Microsoft Virtual PC 2004 SP1 Review
So you need to run multiple operating systems, but you also need the latest releases as well?
Or do you, perhaps, run a tech support center and need fast access to several operating systems without rebooting an actual production client?
Well, leave it to the Vole to call your number, if either of the above, or a comparative version thereof, describes you. That’s because Microsoft has decided to throw down the gauntlet at VMWare by re-releasing its server and workstation virtualization technologies for free… literally. That’s right – Virtual Server and Virtual PC, the virtualization products bought out by the world’s largest software make not too long ago, are now completely free. All you need is a recent copy of Windows (an Apple-friendly version update could theoretically still happen if the Vole still plans an update for Intel Macs after this event) and possibly a Microsoft-approved product key for proof of licensing legality because my best guess is that Windows Genuine Advantage is required to access the software directly from Microsoft. But my tests prove that the software is well worth it, so this software should be high on any savvy tech guru’s download list.
In fact, Virtual PC makes computer virtualization effortless enough without any extra cost, so it’s all good. Effortless configuration comes standard, from a first time virtual machine creation wizard to additional configuration wizards for the creation of virtual hard drives and the like for use in your virtual machines included to help you create additional virtual machines as needed. By default, Virtual PC comes preconfigured for various versions of Windows prior to Windows XP, and contains a miscellaneous operating system mode (labeled as Other in the virtual machine creation wizard) for use with newer Windows versions, Liunux, etc. so that you can create a custom virtual machine to suit your tastes.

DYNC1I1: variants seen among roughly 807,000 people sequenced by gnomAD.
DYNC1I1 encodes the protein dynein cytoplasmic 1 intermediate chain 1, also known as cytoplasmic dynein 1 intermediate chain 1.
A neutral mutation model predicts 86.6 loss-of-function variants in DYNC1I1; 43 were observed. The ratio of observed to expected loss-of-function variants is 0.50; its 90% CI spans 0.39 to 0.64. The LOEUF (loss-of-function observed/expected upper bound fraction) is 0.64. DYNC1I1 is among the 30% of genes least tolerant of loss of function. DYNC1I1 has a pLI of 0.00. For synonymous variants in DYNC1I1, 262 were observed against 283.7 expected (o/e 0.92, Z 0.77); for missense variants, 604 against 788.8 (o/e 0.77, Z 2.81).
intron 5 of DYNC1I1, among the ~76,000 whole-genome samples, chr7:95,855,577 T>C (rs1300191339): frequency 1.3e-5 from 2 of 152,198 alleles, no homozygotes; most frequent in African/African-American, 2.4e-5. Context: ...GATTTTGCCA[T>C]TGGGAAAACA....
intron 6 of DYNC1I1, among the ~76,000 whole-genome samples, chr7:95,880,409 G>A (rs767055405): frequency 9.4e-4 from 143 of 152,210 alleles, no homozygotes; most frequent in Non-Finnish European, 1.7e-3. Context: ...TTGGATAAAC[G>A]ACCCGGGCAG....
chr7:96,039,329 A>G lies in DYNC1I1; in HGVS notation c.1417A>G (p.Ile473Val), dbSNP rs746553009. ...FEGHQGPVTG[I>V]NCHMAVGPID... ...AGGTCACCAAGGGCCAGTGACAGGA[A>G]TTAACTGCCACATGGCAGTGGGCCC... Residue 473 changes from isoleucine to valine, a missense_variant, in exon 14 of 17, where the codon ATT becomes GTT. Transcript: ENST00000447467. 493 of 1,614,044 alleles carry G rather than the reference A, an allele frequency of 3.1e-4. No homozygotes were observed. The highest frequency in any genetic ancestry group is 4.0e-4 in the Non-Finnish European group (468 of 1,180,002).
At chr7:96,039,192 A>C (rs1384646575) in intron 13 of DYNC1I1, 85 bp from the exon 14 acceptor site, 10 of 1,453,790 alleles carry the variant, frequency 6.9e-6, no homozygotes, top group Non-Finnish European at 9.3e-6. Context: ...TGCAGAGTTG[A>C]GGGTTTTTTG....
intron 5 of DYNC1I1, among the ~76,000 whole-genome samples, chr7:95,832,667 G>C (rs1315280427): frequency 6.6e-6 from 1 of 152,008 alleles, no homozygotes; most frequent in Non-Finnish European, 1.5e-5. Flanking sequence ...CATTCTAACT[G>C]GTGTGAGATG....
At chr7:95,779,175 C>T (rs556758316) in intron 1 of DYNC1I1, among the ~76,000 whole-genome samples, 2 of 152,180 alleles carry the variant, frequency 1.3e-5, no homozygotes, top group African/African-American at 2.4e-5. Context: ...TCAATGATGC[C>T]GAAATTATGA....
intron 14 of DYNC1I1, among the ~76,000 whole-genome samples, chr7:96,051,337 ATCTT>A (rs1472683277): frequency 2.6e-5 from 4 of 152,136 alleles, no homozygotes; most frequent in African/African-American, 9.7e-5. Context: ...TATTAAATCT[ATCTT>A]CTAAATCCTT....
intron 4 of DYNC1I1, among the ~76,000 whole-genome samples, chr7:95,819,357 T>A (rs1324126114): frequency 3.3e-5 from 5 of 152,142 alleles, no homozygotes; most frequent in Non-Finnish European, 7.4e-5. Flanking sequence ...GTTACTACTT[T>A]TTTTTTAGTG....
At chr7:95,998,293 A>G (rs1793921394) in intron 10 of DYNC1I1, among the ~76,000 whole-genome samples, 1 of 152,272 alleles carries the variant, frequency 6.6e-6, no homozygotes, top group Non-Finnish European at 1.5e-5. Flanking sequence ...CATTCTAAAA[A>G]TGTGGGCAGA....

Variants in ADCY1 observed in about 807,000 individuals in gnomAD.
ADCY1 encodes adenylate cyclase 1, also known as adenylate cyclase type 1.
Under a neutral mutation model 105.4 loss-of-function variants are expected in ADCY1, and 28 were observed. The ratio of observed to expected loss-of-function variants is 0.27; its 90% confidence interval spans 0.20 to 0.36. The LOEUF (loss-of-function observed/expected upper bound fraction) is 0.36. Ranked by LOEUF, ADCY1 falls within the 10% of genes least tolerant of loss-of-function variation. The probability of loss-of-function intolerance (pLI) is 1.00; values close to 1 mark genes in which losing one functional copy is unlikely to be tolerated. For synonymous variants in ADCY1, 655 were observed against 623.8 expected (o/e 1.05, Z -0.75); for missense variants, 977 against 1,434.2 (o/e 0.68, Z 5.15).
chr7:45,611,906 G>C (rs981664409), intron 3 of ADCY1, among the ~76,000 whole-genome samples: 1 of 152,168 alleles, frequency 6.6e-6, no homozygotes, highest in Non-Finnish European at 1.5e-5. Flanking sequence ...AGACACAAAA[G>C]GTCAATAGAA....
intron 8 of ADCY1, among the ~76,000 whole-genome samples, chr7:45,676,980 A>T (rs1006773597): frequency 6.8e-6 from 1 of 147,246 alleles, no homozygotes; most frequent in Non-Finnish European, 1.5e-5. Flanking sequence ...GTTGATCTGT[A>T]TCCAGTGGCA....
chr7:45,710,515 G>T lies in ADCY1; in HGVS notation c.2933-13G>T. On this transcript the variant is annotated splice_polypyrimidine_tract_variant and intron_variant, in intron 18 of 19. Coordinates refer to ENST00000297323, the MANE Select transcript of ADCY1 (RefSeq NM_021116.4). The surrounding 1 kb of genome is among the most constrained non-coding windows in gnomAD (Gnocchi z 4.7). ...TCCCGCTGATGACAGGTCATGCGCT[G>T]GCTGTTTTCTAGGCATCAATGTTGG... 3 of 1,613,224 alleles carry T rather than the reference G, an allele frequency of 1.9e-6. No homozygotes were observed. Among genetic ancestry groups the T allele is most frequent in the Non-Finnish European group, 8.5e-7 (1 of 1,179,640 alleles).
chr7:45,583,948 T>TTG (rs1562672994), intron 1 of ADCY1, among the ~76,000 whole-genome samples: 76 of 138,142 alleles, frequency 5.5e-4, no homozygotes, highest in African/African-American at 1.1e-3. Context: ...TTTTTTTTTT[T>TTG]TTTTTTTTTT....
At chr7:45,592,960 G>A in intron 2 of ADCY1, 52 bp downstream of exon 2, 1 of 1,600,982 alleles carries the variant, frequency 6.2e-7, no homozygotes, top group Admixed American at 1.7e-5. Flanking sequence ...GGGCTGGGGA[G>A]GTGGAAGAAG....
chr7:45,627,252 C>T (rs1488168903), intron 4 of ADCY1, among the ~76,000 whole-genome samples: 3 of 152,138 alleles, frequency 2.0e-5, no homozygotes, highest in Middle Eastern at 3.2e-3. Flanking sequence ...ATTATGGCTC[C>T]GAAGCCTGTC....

For my review, I tested the installation of two versions of Windows on the miscellaneous configurations (Other OS) option for virtual machines. I would only have tested one, but the ever-picky Windows Vista beta 2 would not recognize my Virtual PC configuration when the DVD I burned it to was mapped to the CD drive definition in Virtual PC no matter what I did, so I added Windows XP Professional as an interim step (which installed flawlessly), after which I threw Windows Vista on top of that (or rather, next to XP Pro, which was for two reasons – 1: Vista required 256 Megs of RAM allocation to Virtual PC to install, and 2: I would have had to apply Service Pack 2 to the WinXP configuration in order to perform an upgrade install with Windows Vista. Regardless of these two trip-ups, Vista also installed effortlessly once the necessary adjustments were made (actually, the one adjustment – for the purpose of saving time I decided to forego SP2 on the XP configuration to make the review go faster. And both operating systems ran flawlessly with their base configurations.
Still, to get the most out of Virtual PC, and also to run it’s business server configuration version known as Virtual Server, you need Windows XP Professional (and Windows Server 2003 or similar is a necessity for production server environments when using Virtual Server) – I only had access to an OEM release of XP Home, which limits what I can do with Virtual PC and does not allow me to use Virtual Server. In fact, Virtual PC slapped an incompatibility notice during installation; however it had no bearing on the actual installation other than an internal error during installation that also failed to interrupt Setup, though your experience may vary. And Virtual PC doesn’t support all the same device types as VMWare, either.
Still, for the money, Virtual PC is a good choice for the money when it comes to virtualization software, even if it doesn’t cost a dime. And even if you do need to legalize your Windows setup to use it, it’s a small price to pay for powerful virtualization technologies. After all, you can’t beat free, if I’m not mistaken.
And as for VMWare, I hope the guys behind that virtualization technology are at least paying attention.